PAUL HOLMES: PR pros may now have to navigate around the media in order to communicate with credibility

In the weeks leading up to the invasion of Iraq, I came across a survey indicating that more than half the American public believed Saddam Hussein had a direct role in the September 11 terrorist attacks. Last week, I found another survey, this one indicating that 41% of American adults thought US troops in Iraq had already found weapons of mass destruction.

In the weeks leading up to the invasion of Iraq, I came across a survey indicating that more than half the American public believed Saddam Hussein had a direct role in the September 11 terrorist attacks. Last week, I found another survey, this one indicating that 41% of American adults thought US troops in Iraq had already found weapons of mass destruction.

It's understandable when there is such confusion over issues of opinion - like the safety of genetically modified foods - but these are issues of fact. Such surveys can be taken as evidence that the American public is simply stupid, or - put more charitably - that it believes what it chooses to believe. But what they really prove is the abject failure of the media. There are people out there whose job it is to keep us informed and dispel misinformation - and they are failing at that task miserably. There are two explanations. The first is that the media has been cowed into submission: there's a real reluctance to call government officials on their lies and deceptions. The second is that even when the media tries to provide accurate information, no one believes it. A recent USA Today poll found trust in the media down from 54% in 1989 to 36% today, and the recent New York Times scandal has done little to inspire confidence. (It's hard to imagine that relaxing the rules on media ownership, encouraging the consolidation of influence among fewer and fewer conglomerates, will improve the situation, so kudos to the Public Relations Society of America for speaking out against the FCC process - the very antithesis of openness - that paved the way for that decision.) What does this mean for PR practitioners? It means they have to start looking beyond the traditional media outlets for ways to communicate with key constituencies. First, because the traditional wisdom that the media delivers credibility can no longer be relied upon: most people only say, "It was in the papers so it must be true" when a story confirms their preexisting beliefs. If it contradicts those beliefs, they'll say, "You can't believe what you see on the news." And second, if the media doesn't present both sides of important political issues, it certainly should not be relied upon to present both sides of a complex business story. PR professionals must discover new ways of circumventing the media, of delivering their messages to target audiences using truly credible third parties to make their case. Done right, this kind of direct communication can be more targeted, more cost-effective, and more beneficial in terms of building a personal, one-on-one relationship between an institution and its stakeholders.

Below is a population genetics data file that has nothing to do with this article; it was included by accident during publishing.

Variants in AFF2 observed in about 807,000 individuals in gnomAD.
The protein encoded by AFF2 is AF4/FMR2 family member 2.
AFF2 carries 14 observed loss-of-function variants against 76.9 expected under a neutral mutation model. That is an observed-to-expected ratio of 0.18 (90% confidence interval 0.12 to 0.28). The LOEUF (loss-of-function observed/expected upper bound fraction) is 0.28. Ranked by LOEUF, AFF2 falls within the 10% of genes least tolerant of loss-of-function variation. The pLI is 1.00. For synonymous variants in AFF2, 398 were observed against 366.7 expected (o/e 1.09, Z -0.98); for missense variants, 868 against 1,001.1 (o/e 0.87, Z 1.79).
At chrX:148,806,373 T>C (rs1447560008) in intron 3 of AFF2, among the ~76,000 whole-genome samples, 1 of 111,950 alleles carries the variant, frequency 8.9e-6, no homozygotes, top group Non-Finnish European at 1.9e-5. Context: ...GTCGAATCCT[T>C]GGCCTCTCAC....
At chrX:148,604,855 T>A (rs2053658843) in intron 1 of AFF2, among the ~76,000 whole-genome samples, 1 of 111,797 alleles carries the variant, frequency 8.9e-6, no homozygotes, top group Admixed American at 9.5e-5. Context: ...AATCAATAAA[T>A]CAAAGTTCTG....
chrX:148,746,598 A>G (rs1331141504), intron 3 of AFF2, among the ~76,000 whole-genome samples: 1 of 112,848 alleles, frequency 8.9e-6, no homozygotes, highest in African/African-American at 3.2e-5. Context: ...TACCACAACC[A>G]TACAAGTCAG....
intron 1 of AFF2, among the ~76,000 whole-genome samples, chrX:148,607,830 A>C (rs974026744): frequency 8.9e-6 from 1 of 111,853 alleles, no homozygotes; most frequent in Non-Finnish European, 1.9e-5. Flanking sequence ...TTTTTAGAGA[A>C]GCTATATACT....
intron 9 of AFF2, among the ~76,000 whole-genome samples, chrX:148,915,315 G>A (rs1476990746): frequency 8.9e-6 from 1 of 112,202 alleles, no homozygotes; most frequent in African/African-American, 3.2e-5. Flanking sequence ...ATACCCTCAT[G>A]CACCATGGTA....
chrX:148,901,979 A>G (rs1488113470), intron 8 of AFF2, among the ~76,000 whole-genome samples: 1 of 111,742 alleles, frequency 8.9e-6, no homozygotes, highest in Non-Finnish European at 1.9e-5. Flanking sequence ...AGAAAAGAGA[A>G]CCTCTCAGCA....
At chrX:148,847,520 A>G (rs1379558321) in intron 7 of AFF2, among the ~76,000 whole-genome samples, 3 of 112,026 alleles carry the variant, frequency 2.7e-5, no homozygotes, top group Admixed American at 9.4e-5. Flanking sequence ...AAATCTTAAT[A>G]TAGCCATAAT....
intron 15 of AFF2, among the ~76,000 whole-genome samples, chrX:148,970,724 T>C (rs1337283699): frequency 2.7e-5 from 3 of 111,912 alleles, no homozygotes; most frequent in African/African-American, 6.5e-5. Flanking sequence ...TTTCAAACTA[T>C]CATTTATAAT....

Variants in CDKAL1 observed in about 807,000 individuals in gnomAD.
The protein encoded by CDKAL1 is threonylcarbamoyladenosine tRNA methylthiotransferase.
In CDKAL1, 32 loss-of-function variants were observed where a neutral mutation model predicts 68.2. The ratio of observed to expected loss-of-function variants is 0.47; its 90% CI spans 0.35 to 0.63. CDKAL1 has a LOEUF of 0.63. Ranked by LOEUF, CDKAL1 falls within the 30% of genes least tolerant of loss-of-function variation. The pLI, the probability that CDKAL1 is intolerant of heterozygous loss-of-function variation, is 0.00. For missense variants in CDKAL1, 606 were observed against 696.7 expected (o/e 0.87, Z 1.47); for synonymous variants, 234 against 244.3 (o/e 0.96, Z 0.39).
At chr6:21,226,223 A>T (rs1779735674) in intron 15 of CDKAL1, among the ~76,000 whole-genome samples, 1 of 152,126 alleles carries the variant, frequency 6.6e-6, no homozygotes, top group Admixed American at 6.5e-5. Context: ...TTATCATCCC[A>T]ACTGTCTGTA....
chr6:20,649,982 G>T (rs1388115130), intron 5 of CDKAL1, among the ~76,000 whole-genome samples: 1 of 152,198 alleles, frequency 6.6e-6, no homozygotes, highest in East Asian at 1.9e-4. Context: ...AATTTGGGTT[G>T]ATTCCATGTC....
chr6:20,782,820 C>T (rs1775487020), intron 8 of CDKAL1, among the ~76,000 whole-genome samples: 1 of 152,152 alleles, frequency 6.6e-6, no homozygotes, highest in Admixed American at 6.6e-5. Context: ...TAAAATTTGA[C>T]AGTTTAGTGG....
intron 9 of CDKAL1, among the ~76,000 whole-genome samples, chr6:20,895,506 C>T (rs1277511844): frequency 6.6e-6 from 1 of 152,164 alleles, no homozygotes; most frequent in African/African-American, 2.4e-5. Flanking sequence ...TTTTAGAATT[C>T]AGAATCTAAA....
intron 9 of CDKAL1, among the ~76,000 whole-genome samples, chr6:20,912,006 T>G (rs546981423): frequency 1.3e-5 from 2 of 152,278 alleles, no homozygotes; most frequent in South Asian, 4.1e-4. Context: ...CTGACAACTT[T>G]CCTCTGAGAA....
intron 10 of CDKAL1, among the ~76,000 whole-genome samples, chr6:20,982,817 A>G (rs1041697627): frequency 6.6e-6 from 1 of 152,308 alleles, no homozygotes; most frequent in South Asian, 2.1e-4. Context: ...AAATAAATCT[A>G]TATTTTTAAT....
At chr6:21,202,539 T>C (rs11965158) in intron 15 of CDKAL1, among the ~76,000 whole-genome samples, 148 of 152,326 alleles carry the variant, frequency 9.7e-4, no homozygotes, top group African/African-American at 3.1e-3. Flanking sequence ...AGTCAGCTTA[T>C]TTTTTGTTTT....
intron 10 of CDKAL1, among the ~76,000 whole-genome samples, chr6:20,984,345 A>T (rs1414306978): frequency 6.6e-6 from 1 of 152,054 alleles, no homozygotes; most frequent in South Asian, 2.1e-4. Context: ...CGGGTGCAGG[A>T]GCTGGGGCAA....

• Paul Holmes has spent the past 16 years writing about the PR business for publications including PRWeek, Inside PR, and Reputation Management. He is currently president of The Holmes Group and editor of www.holmesreport.com.

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